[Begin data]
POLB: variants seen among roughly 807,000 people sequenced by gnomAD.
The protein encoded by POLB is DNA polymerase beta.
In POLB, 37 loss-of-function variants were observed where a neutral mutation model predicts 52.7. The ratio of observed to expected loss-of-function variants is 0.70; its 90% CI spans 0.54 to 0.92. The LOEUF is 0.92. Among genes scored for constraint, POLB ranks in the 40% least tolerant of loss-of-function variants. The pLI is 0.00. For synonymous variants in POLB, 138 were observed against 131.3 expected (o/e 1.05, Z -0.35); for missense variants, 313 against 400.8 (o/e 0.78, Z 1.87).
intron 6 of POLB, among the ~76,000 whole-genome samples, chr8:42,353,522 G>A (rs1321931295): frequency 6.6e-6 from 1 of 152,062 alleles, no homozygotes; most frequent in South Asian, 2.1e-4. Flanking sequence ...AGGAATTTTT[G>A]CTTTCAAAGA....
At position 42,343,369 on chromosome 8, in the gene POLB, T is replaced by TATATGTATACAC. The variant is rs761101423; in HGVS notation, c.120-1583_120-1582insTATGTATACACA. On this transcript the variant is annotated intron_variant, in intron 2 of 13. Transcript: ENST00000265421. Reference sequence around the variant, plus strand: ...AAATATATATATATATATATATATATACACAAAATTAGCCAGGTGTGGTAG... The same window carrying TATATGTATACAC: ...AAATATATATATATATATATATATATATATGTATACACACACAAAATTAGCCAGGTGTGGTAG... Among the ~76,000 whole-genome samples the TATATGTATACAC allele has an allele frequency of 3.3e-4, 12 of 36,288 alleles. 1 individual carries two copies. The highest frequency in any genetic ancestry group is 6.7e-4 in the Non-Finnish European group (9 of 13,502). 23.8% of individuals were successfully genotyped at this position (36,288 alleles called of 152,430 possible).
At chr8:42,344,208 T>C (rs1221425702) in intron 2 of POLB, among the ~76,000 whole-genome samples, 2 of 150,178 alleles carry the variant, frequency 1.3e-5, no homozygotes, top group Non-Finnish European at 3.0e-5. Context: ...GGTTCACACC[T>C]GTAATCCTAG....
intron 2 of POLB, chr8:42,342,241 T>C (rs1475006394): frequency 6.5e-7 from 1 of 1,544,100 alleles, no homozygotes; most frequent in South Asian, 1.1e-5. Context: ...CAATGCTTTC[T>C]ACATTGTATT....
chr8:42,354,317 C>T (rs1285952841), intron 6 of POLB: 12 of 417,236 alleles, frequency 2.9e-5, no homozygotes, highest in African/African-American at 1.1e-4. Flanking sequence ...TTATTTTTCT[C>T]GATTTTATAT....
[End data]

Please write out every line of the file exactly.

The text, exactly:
POLB: variants seen among roughly 807,000 people sequenced by gnomAD.
The protein encoded by POLB is DNA polymerase beta.
In POLB, 37 loss-of-function variants were observed where a neutral mutation model predicts 52.7. The ratio of observed to expected loss-of-function variants is 0.70; its 90% CI spans 0.54 to 0.92. The LOEUF is 0.92. Among genes scored for constraint, POLB ranks in the 40% least tolerant of loss-of-function variants. The pLI is 0.00. For synonymous variants in POLB, 138 were observed against 131.3 expected (o/e 1.05, Z -0.35); for missense variants, 313 against 400.8 (o/e 0.78, Z 1.87).
intron 6 of POLB, among the ~76,000 whole-genome samples, chr8:42,353,522 G>A (rs1321931295): frequency 6.6e-6 from 1 of 152,062 alleles, no homozygotes; most frequent in South Asian, 2.1e-4. Flanking sequence ...AGGAATTTTT[G>A]CTTTCAAAGA....
At position 42,343,369 on chromosome 8, in the gene POLB, T is replaced by TATATGTATACAC. The variant is rs761101423; in HGVS notation, c.120-1583_120-1582insTATGTATACACA. On this transcript the variant is annotated intron_variant, in intron 2 of 13. Transcript: ENST00000265421. Reference sequence around the variant, plus strand: ...AAATATATATATATATATATATATATACACAAAATTAGCCAGGTGTGGTAG... The same window carrying TATATGTATACAC: ...AAATATATATATATATATATATATATATATGTATACACACACAAAATTAGCCAGGTGTGGTAG... Among the ~76,000 whole-genome samples the TATATGTATACAC allele has an allele frequency of 3.3e-4, 12 of 36,288 alleles. 1 individual carries two copies. The highest frequency in any genetic ancestry group is 6.7e-4 in the Non-Finnish European group (9 of 13,502). 23.8% of individuals were successfully genotyped at this position (36,288 alleles called of 152,430 possible).
At chr8:42,344,208 T>C (rs1221425702) in intron 2 of POLB, among the ~76,000 whole-genome samples, 2 of 150,178 alleles carry the variant, frequency 1.3e-5, no homozygotes, top group Non-Finnish European at 3.0e-5. Context: ...GGTTCACACC[T>C]GTAATCCTAG....
intron 2 of POLB, chr8:42,342,241 T>C (rs1475006394): frequency 6.5e-7 from 1 of 1,544,100 alleles, no homozygotes; most frequent in South Asian, 1.1e-5. Context: ...CAATGCTTTC[T>C]ACATTGTATT....
chr8:42,354,317 C>T (rs1285952841), intron 6 of POLB: 12 of 417,236 alleles, frequency 2.9e-5, no homozygotes, highest in African/African-American at 1.1e-4. Flanking sequence ...TTATTTTTCT[C>T]GATTTTATAT....